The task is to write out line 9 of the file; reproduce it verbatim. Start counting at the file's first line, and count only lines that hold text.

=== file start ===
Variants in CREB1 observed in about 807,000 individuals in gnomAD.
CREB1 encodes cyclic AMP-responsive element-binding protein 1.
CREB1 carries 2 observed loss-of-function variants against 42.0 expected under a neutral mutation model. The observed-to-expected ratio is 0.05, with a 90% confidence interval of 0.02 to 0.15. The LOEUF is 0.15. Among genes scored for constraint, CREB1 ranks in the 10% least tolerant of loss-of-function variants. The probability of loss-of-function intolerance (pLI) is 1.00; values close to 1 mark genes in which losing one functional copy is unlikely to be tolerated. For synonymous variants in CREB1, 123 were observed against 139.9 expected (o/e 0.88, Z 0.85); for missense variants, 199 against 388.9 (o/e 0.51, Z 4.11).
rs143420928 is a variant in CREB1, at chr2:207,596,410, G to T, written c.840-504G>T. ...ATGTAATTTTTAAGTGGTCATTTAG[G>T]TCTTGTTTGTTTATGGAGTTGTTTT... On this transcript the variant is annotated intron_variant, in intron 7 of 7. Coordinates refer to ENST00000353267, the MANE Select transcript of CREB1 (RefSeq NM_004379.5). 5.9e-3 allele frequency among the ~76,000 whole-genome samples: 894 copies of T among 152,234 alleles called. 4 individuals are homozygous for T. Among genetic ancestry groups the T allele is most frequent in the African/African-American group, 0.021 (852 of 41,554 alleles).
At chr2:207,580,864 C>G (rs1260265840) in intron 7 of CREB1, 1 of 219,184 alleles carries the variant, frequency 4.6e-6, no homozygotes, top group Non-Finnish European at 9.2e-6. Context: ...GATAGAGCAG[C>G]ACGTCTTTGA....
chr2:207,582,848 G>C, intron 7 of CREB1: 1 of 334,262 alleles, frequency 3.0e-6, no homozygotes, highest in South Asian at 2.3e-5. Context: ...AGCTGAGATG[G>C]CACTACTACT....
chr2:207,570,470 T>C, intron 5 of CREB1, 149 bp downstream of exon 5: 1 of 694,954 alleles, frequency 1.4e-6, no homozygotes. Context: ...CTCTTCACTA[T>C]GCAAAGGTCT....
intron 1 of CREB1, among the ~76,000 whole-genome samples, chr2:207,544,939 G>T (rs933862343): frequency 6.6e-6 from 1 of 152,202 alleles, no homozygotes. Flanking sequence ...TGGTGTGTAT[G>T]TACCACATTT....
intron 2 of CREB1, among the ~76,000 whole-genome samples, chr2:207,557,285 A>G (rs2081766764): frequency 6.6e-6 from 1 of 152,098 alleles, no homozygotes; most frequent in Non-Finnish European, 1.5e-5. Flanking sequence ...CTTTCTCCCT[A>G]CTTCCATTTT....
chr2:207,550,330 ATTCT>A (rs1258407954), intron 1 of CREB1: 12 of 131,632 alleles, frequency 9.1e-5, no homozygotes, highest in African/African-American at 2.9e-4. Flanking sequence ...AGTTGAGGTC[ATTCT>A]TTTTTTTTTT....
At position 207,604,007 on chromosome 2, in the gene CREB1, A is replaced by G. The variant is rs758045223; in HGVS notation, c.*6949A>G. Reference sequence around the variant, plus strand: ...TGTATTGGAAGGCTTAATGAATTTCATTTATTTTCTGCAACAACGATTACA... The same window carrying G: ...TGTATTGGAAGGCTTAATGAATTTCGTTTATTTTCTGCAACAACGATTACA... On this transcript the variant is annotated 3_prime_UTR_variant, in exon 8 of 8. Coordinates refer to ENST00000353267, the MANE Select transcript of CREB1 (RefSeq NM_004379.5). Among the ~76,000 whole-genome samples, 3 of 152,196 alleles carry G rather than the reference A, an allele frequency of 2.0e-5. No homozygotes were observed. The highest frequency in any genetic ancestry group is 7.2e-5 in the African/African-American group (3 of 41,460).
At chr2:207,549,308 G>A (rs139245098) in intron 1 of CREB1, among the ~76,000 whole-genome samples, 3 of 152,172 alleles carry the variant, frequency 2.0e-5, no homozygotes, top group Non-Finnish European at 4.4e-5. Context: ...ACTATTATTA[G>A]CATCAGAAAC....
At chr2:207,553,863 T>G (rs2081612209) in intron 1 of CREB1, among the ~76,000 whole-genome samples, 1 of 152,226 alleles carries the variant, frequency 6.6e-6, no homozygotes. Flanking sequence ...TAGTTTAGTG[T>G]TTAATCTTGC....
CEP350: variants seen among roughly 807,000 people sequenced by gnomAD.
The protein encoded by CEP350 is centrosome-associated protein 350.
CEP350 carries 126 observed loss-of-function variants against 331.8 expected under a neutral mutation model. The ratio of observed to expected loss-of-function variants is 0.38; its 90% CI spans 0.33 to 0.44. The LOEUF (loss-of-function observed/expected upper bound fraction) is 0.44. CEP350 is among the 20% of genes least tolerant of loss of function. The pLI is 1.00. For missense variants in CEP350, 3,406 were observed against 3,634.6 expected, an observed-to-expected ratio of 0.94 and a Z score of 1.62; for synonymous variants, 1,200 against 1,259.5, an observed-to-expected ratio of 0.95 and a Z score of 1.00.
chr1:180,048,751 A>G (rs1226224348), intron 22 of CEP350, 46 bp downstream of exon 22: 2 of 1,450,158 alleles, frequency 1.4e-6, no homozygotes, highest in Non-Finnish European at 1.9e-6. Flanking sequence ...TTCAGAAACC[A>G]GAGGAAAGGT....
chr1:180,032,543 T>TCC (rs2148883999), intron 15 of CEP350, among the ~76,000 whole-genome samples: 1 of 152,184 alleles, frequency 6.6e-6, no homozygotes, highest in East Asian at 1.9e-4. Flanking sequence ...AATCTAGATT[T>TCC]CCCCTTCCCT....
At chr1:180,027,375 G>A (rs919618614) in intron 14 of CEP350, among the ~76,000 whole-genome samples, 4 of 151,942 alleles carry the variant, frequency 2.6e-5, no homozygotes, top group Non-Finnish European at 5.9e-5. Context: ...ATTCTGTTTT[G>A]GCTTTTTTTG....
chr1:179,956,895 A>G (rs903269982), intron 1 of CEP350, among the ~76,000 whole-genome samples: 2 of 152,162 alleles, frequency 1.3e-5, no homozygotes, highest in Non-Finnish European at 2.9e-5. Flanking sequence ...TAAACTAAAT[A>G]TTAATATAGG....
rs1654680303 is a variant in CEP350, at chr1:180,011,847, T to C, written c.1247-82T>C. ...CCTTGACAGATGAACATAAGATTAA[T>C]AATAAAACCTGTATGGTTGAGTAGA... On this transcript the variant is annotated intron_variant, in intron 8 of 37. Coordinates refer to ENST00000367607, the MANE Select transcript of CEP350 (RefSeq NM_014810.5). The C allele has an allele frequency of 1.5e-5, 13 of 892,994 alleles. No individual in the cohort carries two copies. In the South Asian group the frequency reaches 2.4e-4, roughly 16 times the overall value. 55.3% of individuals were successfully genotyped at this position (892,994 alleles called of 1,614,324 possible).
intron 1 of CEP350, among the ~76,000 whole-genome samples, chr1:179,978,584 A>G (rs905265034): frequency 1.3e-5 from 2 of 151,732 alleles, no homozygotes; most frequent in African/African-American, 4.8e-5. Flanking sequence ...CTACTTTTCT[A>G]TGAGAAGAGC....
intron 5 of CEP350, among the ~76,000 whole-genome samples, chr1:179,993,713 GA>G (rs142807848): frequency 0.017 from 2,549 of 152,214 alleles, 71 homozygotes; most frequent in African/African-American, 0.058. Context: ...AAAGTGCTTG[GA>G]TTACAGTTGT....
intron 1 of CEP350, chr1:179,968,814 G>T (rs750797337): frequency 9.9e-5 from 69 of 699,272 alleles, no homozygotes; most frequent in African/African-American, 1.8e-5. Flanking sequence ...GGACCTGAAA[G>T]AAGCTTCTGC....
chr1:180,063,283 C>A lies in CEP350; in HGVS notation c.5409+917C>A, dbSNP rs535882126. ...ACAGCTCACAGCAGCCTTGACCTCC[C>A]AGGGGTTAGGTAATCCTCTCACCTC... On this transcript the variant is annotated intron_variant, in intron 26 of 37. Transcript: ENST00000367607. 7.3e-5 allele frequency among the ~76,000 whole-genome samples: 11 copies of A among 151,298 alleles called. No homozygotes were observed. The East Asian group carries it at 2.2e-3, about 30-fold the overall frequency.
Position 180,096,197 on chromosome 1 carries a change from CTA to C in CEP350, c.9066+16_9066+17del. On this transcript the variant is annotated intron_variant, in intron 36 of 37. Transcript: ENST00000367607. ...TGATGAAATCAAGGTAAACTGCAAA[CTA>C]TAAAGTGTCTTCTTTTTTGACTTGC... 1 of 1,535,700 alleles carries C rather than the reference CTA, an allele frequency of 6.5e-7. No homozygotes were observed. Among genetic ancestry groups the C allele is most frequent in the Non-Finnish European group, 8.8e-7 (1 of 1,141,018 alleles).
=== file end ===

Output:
intron 2 of CREB1, among the ~76,000 whole-genome samples, chr2:207,557,285 A>G (rs2081766764): frequency 6.6e-6 from 1 of 152,098 alleles, no homozygotes; most frequent in Non-Finnish European, 1.5e-5. Flanking sequence ...CTTTCTCCCT[A>G]CTTCCATTTT....